A poll by Reuters of property market analysists revels that “an acute shortage of affordable homes in the U.S. will continue over the coming year,” said a new report by CNBC.
“U.S. house prices are slightly over-valued when looking at fundamental valuation metrics such as the median-home-price-to-income ratio,” noted Brent Campbell, economist at Moody’s Analytics.
While jobs growth and wages are rising at the best pace in years-to-decades, pay is not keeping pace with the even faster spike in housing costs. According to CNBC, “Annual average earnings growth has remained below 3 percent even as house price rises have averaged more than 5 percent over the last few years.”
“We are not seeing a temporary phenomenon. House prices have been outrunning family incomes for several years in the U.S. and while demand has cooled off a bit, the supply side is still very tight,” said Sal Guatieri, senior economist at BMO Financial Group.
Guatieri added, “I think house prices will continue to outrun family incomes for at least another year and it will take some time for demand to slow and to some extent supply to increase.”
Existing home sales account for “about 90 percent of U.S. turnover,” and are forecast to rise slightly and average 5.60 million units in each quarter this year from about 5.46 million units in April.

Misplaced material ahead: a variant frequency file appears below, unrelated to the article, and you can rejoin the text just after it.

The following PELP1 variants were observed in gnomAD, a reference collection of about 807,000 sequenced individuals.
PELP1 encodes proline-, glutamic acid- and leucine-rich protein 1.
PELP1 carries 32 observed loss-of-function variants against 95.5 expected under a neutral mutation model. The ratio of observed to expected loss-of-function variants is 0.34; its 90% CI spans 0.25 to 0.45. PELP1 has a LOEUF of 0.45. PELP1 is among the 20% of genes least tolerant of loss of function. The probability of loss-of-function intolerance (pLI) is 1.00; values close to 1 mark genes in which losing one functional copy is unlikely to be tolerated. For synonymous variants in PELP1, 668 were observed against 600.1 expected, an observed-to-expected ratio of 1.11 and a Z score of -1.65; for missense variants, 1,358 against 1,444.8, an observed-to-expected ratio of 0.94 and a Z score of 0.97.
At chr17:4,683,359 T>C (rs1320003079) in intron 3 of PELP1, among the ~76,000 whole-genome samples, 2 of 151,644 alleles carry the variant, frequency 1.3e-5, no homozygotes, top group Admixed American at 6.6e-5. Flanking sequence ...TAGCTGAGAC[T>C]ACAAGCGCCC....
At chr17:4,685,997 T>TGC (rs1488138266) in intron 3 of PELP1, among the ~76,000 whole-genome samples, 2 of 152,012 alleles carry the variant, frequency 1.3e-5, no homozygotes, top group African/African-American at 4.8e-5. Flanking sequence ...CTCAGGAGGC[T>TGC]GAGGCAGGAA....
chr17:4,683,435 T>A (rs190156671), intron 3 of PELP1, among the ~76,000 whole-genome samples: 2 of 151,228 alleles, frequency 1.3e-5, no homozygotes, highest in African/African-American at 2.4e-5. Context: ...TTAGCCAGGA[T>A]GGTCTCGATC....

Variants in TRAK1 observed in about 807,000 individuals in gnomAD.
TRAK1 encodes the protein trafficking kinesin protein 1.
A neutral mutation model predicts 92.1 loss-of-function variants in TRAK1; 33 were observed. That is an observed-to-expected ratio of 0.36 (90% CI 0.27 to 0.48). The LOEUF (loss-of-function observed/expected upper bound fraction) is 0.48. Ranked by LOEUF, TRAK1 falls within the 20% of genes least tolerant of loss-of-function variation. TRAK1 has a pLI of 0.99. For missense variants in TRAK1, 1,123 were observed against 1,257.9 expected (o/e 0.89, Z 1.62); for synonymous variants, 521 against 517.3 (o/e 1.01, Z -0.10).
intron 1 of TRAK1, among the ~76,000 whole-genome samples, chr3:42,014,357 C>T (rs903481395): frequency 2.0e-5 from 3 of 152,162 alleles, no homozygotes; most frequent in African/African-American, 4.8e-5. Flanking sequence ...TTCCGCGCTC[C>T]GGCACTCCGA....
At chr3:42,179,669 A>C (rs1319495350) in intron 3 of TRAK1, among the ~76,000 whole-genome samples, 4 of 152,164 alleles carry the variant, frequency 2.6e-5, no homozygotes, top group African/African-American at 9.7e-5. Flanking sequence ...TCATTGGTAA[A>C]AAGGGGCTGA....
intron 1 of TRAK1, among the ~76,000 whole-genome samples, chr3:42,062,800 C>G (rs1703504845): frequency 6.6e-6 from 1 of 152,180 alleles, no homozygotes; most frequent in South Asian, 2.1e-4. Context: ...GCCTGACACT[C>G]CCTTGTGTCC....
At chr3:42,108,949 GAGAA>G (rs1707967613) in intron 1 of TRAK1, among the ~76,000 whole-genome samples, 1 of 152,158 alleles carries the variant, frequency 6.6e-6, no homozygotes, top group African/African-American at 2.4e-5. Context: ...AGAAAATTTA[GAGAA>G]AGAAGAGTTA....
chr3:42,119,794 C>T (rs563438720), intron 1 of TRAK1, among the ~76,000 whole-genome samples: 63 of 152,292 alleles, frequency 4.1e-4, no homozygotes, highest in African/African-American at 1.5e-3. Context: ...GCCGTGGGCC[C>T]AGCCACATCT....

That would be well below the peak of 7 million units averaged during the previous housing market boom. All of these are factors which will keep prices elevated and make housing less affordable.
As regular Daily Business News readers know, the National Association or Realtors ™ (NAR) Chief Economist Lawrence Yun has said that the only way to solve this is for builders to get very busy.
It’s a recipe – at least in theory – for a manufactured housing boom. But for a variety of reasons, the industry has failed to convert surfers and seekers into more qualified applicants and cash buyers. ## (News, analysis, and commentary.)
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